You might have high blood pressure and not even know it. This “silent killer” that causes no symptoms has killed more than 7 million people worldwide and it remains a leading cause of cardiovascular disease (CVD).
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Effective and inexpensive medications are available to help lower your blood pressure, and basic lifestyle changes such as weight loss and exercise also help. But efforts to increase public awareness about high blood pressure and effective treatments are still coming up short, according to a new study published in a recent issue of JAMA.
Effective solutions require proactive screening and steady monitoring of the disease on the part of the medical community and the public.
Richard Krasuski, MD, staff cardiologist and Director of the Adult Congenital Heart Disease Center at Cleveland Clinic, did not participate in the study but agrees that the dangers of hypertension still loom large. “The reality is, it’s called the silent killer for a reason, and that is because high blood pressure is very common and people don’t recognize they have it, often until something bad occurs, like a stroke, a heart attack or another complication,” Dr. Krasuski says.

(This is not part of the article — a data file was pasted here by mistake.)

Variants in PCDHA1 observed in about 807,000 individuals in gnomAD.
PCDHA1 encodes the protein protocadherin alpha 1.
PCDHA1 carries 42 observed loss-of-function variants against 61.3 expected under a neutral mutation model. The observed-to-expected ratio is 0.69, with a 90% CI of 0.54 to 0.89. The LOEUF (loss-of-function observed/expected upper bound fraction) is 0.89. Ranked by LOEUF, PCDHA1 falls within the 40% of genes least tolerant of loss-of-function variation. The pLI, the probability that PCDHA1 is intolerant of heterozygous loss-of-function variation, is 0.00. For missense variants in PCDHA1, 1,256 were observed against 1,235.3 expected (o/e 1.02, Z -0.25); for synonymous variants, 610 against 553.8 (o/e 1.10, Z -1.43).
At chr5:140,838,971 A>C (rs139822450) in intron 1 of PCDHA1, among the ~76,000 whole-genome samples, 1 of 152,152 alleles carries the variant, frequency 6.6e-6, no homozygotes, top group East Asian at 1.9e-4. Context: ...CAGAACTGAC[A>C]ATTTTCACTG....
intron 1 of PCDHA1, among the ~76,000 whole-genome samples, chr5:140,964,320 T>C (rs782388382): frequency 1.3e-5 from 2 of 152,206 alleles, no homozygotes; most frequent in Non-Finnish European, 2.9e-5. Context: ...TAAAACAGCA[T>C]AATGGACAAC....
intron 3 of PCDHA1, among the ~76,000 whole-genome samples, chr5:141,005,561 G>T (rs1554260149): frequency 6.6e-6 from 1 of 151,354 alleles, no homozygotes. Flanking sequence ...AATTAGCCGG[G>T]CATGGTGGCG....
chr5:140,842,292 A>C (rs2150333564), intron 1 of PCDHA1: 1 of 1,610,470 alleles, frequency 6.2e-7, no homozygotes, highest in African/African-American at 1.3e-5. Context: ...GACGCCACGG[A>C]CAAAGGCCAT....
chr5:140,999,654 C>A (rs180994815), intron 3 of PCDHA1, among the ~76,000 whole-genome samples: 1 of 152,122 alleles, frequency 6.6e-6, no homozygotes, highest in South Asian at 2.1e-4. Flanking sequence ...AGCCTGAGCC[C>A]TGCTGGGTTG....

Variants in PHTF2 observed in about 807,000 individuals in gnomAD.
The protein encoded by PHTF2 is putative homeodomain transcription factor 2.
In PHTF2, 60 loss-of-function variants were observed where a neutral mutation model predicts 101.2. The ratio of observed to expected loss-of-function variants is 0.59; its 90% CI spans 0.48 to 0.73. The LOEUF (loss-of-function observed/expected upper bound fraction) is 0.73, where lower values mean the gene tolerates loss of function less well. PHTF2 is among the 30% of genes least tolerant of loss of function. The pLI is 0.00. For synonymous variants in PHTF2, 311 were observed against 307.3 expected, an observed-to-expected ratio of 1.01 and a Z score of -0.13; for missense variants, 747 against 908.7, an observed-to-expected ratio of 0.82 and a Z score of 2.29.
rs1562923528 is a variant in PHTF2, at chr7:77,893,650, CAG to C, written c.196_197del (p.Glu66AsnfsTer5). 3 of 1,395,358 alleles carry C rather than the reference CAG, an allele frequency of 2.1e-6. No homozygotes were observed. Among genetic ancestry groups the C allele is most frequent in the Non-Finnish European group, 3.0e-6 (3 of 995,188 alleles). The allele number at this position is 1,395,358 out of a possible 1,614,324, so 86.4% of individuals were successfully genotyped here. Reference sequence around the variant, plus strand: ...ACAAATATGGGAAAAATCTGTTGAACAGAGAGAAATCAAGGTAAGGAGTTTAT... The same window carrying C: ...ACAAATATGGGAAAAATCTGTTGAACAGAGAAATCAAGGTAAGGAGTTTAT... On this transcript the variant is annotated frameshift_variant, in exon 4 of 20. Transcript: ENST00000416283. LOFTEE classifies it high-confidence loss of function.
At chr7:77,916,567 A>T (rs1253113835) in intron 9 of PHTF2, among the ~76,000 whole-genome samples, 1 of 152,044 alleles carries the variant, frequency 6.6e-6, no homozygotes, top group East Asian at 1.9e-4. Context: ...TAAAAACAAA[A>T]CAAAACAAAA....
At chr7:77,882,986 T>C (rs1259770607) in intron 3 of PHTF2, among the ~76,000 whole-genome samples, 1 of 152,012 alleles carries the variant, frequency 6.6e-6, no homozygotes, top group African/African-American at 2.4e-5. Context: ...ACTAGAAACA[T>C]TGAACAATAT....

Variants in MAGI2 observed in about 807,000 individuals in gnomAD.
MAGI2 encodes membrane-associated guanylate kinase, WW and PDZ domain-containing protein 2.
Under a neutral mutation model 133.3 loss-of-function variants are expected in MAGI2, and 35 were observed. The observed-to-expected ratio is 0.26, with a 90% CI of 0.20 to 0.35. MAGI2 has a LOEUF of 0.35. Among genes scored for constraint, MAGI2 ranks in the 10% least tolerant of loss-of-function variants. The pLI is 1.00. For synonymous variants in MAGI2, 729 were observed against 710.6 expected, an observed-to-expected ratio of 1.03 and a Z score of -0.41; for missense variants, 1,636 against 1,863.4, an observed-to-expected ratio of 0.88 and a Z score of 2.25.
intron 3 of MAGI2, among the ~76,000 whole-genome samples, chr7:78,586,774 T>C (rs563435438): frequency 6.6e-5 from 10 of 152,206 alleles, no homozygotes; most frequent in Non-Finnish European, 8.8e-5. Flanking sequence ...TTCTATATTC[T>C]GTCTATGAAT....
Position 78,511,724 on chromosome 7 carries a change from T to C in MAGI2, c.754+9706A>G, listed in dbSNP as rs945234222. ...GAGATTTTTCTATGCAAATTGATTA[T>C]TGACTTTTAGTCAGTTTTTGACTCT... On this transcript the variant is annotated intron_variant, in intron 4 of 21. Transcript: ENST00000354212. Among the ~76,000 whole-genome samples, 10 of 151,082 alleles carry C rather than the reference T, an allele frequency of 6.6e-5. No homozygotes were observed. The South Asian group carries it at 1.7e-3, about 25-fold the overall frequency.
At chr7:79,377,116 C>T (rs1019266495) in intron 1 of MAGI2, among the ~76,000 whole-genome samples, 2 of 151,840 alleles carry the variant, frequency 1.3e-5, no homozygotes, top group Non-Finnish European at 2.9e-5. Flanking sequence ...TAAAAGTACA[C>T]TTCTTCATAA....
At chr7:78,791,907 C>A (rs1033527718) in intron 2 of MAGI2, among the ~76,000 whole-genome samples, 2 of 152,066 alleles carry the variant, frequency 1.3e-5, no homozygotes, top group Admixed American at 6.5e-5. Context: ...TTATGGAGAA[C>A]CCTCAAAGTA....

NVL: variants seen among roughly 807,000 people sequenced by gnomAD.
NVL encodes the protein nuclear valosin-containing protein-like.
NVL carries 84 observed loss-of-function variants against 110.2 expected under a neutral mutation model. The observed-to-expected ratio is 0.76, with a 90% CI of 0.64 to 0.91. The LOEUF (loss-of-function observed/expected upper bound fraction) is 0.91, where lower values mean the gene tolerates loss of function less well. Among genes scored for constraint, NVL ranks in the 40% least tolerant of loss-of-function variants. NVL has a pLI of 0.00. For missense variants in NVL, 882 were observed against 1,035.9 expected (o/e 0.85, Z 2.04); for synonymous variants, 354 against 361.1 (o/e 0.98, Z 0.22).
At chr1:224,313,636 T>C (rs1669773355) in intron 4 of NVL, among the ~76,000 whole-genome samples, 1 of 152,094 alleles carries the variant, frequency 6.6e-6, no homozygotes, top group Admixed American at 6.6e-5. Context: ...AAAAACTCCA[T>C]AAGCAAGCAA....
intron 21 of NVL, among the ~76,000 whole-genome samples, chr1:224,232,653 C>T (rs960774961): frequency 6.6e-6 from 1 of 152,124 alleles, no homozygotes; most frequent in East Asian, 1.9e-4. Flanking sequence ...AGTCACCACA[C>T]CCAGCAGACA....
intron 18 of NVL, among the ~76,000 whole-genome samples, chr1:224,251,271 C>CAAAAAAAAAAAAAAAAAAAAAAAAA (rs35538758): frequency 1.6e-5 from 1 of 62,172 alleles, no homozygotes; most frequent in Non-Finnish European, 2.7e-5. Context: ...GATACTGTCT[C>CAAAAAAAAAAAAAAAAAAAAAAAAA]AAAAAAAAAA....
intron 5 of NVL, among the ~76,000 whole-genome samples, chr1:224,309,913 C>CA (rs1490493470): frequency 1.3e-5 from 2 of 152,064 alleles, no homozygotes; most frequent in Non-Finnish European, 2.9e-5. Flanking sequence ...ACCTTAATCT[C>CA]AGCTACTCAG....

Despite available solutions, problems remain
Researchers analyzed data gathered from more than 140,000 people and from 17 countries. They found that almost half of all participants who had hypertension didn’t know about it.
Among those subjects who were aware of their high blood pressure, almost 90 percent were on medication for their condition, but only a minority had those blood pressure levels under control.
Public health issues
Study results indicate that uncontrolled blood pressure remains a major threat to cardiovascular health. Part of the problem is insufficient screening and lack of understanding about the dangers of chronic high blood pressure.
Efforts to increase public awareness about hypertension have met with some success, but more work needs to be done.
Dr. Krasuski agrees with the conclusions drawn. “We have to improve awareness,” he says. “We have to have people recognize that they need their blood pressure checked. They need to have preventative care. They need to make sure that they’re eating the proper diets (low in salt and high in fruits and vegetables), exercising and learning to control their stress, things that prevent high blood pressure.”
Solution available but elusive
Hypertension remains a vexing problem; it is easily detected and it can be treated effectively and inexpensively. Yet, comprehensive control over blood pressure remains an elusive goal worldwide. Unfortunately, because blood pressure is a stealthy adversary, “out of sight, out of mind,” can play a factor.
It’s easy to ignore the fact that you have high blood pressure until a heart attack or stroke occurs. At that point, hypertension is just one of many health problems you will face. Proactively controlling high blood pressure could save your life.